Intuit's next dividend payment will be $ 0.53 per share. The company has paid a total of $ 2.12 per share in the past 12 months. Based on the value of last year's payments, Intuit has a 0.8% follow-up yield on its current share price of $ 264.38. Dividends are an important source of income for many shareholders, but the health of the company is critical to maintaining these dividends. So we have to check whether the dividend payments are covered and whether the result grows.
<p class = "canvas-atom canvas-text Mb (1,0em) Mb (0) – sm Mt (0,8em) – sm" type = "text" content = " Check out our latest Intuit analysis "data-reactid =" 29 "> Check out our latest Intuit analysis
Dividends are usually paid out of company profits. If a company pays more dividends than it earns in profit, the dividend cannot be sustainable. For this reason, it's good to see Intuit pay a modest 32% of its earnings. A useful secondary review can be to assess whether Intuit has generated enough free cash flow to pay the dividend. Fortunately, it only paid out 24% of its free cash flow last year.
It is positive to see that Intuit's dividend is covered by both profits and cash flow, as this is generally a sign of the sustainability of the dividend and a lower payout ratio usually suggests a larger margin of safety before a cut in the dividend ,
<p class = "canvas-atom canvas-text Mb (1,0em) Mb (0) – sm Mt (0,8em) – sm" type = "text" content = "Click Here you can see the company's payout ratio and analyst estimates of its future dividends."data-reactid =" 32 "> Click here to see the company's payout ratio and analyst estimates of its future dividends.
Are income and dividends growing?
Shares in companies that generate sustained earnings growth often offer the best dividend prospects because it is easier to increase the dividend as earnings grow. If the business goes into a downturn and the dividend is lowered, the value of the company could drop dramatically. For this reason, we are pleased that Intuit's earnings per share have increased by 15% per year over the past five years. The company has managed to increase profits quickly while reinvesting most of the profits within the business. This makes it easier to finance future growth efforts and we consider this an attractive combination – and the dividend can be increased at any time later.
Another key to measuring a company's dividend prospects is measuring the historical growth rate of dividends. Over the past eight years, Intuit has increased the dividend on average by 17% a year. Both earnings per share and dividend have risen rapidly recently, which is impressive.
Should investors buy or avoid Intuit from a dividend perspective? Intuit saw rapid earnings growth and a conservatively low payout ratio, which means the company is reinvesting heavily in its business. a sterling combination. Intuit looks solid overall with this analysis, and we would definitely consider a closer look.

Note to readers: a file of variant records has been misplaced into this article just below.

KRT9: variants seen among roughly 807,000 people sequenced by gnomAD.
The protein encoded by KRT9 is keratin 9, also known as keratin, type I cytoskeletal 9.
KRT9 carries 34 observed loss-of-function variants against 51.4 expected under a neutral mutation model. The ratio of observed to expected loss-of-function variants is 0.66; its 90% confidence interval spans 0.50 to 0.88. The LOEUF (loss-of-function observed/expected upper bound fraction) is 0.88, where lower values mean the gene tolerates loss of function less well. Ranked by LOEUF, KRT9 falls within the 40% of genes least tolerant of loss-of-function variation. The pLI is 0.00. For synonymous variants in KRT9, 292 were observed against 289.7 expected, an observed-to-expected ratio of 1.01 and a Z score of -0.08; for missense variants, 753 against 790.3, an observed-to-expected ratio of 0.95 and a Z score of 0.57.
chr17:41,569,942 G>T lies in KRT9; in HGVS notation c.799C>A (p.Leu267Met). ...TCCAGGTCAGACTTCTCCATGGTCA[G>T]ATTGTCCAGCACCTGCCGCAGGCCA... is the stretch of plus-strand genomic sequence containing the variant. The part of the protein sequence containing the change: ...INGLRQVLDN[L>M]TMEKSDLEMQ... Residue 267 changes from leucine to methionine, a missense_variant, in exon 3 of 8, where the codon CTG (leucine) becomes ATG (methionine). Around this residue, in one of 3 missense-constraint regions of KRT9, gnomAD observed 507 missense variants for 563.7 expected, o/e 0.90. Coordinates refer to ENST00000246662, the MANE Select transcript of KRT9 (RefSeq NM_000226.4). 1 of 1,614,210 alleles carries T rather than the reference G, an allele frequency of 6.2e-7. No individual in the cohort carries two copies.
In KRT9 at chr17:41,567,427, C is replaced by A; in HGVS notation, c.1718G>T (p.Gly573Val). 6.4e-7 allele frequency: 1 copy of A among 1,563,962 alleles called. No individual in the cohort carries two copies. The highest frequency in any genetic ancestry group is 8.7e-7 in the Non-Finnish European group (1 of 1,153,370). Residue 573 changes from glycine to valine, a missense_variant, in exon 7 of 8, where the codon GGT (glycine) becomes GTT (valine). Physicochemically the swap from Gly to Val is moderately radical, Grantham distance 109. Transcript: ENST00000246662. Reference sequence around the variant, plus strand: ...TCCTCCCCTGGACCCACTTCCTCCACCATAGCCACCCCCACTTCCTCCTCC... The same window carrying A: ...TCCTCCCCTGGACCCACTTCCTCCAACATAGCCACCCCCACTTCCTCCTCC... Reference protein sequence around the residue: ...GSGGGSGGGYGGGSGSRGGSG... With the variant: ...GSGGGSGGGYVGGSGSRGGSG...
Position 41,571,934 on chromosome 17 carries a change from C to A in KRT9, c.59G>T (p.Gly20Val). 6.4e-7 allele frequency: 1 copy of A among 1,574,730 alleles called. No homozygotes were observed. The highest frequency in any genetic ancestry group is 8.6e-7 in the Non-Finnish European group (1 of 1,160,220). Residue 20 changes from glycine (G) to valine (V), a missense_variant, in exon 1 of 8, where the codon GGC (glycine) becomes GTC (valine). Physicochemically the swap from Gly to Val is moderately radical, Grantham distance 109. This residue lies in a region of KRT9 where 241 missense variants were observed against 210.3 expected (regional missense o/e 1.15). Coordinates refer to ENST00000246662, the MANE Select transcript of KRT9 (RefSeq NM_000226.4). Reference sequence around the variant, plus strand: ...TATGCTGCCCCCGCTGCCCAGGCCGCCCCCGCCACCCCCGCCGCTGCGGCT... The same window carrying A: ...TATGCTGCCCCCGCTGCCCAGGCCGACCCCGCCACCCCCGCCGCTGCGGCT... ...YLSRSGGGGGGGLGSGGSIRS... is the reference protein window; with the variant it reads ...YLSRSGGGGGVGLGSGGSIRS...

<p class = "Canvas-Atom Canvas-Text Mb (1.0em) Mb (0) – sm Mt (0.8em) – sm" type = "text" content = "Curious about what other investors think of Intuit? Use this visualization of historical and future estimated profits and cash flows to see what forecasts the analysts have, "data-reactid =" 50 "> Curious about what other Intuit investors think, see what analysts are predicting with this visualization of historical and future estimated earnings and cash flow.
<p class = "Canvas-Atom Canvas-Text Mb (1.0em) Mb (0) – sm Mt (0.8em) – sm" type = "text" content = "We would not recommend buying only the first dividend stock but see. Here is a list of interesting dividend stocks with a yield of more than 2% and an upcoming dividend."data-reactid =" 51 "> However, we would not recommend buying only the first dividend stock you see, here is a list of interesting dividend stocks with a yield of more than 2% and an upcoming dividend.
We strive to provide you with long-term, focused research analysis based on fundamental data. Note that our analysis may not take into account the latest price-sensitive company announcements or quality material. Thank you for reading."data-reactid =" 56 ">If you discover an error that justifies a correction, please contact the editorial team at email@example.com. This article from Simply Wall St is general in nature. It is not a recommendation to buy or sell shares and does not take into account your goals or your financial situation. Simply Wall St has no position in the stocks mentioned.
We strive to provide you with long-term, focused research analysis based on fundamental data. Note that our analysis may not take into account the latest price-sensitive company announcements or quality material. Thank you for reading.